All things considered in the regulatory world here in the United States,now is a good time to examine the future of wireless hardware technologiesand the state of wireless market needs around the globe. Can such a thingas world wireless actually exist? Technically, it is a fairly safe bet thatit could. Legally, however, it may be doubtful, given the number ofdifferent bandwidth plans embraced by various countries around the world.After all, the equivalent of our FCC in Sri Lanka-or any other agencyregulating such matters anywhere else-might not want to provide audioprofessionals with a single device capable of operating on bandwidths thatit had banned from wireless use. It would, in most cases, be unlikely,thereby limiting the number of countries in which such a device could belegally sold. Within the context of a global platform, Rob Cappucci,director of wireless products for Shure, predicts that the day willultimately arrive when wireless mic systems are offered that allow usersand systems integrators alike to forget about technology completely.
“Wireless audio will be self-sufficient,” Capucci said. “You won’t evenhave to remember that there’s an RF transmitter and receiver. A wirelesssystem will simply be one that doesn’t have cords. You’ll be able to turnit on like a light switch, and it will work. It may be capable of bothvoice and data communications. The business of locating open channels andthen monitoring them to make sure they are free from interference will beunnecessary. The system will do all of that for you. If you add morechannels yourself or if the church next door buys a dozen of its ownsystems in the future, your wireless system will continue to take care ofitself and function flawlessly.”
You cannot help but wonder what kind of role digital designs may playwithin this view of the future. Steve Johnson, Shure vice president ofmarketing, sees wireless audio following a technically enabling path wheredigital will reign, but he will not exclude the use of other analog-basedplatforms.
“Analog, digital, VHF, UHF-we have a tendency to get hung up on theseterms,” Johnson said. “At various points during the progression of wirelessaudio, VHF was perceived as better than what people referred to as FM band.Then UHF was better than VHF, and digital was better than analog. Just aswe experienced with the evolution of the cordless telephone in the consumerworld, there will come a time in the future when we all realize that eachone of the current wireless technologies available has its share ofadvantages and limitations. For instance, a well-designed VHF system cansound as good as a UHF system in certain applications, while a digitalsystem may actually sound worse than analog at times. It’s all dependentupon what a given system’s goals are and the purpose that needs to befulfilled.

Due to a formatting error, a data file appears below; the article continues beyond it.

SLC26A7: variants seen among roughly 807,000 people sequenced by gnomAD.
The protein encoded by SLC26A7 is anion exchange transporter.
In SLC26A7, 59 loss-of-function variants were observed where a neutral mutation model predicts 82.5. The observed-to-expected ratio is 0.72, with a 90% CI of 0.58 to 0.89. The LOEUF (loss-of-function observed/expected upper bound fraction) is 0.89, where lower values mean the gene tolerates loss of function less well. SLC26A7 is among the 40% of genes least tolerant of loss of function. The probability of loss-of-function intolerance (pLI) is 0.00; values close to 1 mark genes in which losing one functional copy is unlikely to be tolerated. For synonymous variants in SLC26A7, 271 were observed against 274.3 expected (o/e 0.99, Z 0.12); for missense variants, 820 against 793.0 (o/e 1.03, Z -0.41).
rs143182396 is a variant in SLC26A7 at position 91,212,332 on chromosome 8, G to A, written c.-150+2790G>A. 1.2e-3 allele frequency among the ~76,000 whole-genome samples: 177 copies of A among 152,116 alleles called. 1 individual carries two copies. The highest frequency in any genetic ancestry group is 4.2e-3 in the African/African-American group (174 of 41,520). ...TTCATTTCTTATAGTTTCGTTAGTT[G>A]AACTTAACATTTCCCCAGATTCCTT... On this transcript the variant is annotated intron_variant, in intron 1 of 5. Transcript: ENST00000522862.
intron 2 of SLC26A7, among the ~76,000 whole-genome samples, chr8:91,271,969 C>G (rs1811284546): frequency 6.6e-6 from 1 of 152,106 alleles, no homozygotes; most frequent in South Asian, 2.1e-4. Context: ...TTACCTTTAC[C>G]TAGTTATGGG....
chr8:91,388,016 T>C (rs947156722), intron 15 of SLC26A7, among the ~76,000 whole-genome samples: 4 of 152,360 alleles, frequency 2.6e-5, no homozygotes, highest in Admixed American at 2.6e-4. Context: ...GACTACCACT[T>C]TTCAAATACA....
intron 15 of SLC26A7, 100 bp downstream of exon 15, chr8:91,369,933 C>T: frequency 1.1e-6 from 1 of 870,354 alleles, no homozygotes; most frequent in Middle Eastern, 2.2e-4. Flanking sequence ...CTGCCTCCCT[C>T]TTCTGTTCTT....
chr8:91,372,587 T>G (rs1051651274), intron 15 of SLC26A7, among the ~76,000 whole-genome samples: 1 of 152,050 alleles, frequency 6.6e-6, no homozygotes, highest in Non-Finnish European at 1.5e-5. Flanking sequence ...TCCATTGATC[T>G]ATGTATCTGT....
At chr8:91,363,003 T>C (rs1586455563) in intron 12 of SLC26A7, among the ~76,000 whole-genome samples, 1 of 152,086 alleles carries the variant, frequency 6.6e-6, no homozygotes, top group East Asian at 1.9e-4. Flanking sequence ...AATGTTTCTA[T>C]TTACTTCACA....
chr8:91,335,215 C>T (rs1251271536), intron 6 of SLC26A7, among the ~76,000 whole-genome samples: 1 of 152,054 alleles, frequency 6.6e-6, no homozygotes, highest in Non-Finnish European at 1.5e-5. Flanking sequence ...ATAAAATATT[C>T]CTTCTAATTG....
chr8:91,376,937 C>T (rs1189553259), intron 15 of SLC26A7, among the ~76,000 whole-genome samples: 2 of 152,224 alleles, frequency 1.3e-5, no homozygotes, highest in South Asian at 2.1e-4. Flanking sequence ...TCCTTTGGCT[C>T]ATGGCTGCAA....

“The future will be driven by users,” Johnson said. “Successfulmanufacturers will be those who meet user needs by offering flexiblesystems that allow them to buy into whatever part of the dream they need ata price they can afford.”
Many within the industry today feel that digital’s recent entry into thewireless mic market has taken such a disruptive route with the arrival ofthe low-priced, 16-bit products seen within the last year.
“These low-priced digital systems are a lot like a point-and-shoot camera,”Johnson said. “They deliver a lot to the user but not everything. Whateveryou think about their presence in the marketplace, you have to admit it’s apretty good start. For better or worse, they’ve set the tone for tomorrowby establishing certain expectations and an idea of what digital should doat what kind of price. The wireless market can be fickle. Groundbreakingproducts don’t necessarily require a lot of research and development.”
Given the likely prospect of a wireless future where the current allowablespectrum space becomes even more scarce, other frequency allocations willbe necessary. Among the alternatives available are Part 90 business-bandchannels and the consumer product-dominated but license-free Part 15 bandsat 900 MHz and 2,400 MHz that permit the use of spread-spectrumtransmission. Out of all of these, there is no spectrum space that isdefinitively better than what wireless audio currently occupies.
“Higher power is permitted, but spectrum space and current hardwaretechnologies severely limit the number of systems you can usesimultaneously,” Reihl said of spread spectrum possibilities. “Regulationsgoverning that of transmission aren’t favorable either. There are pitfallswith all the alternatives. For right now, sharing space with TVbroadcasters still appears to be the way to go.”
Be warned that this may not remain the status quo forever. As with anythingelse viewed through the sometimes cloudy sphere of a crystal ball, nothingcan be said about tomorrow with absolute certainty until we actually arrivethere. Educate yourself and your clients, and remain prepared or change.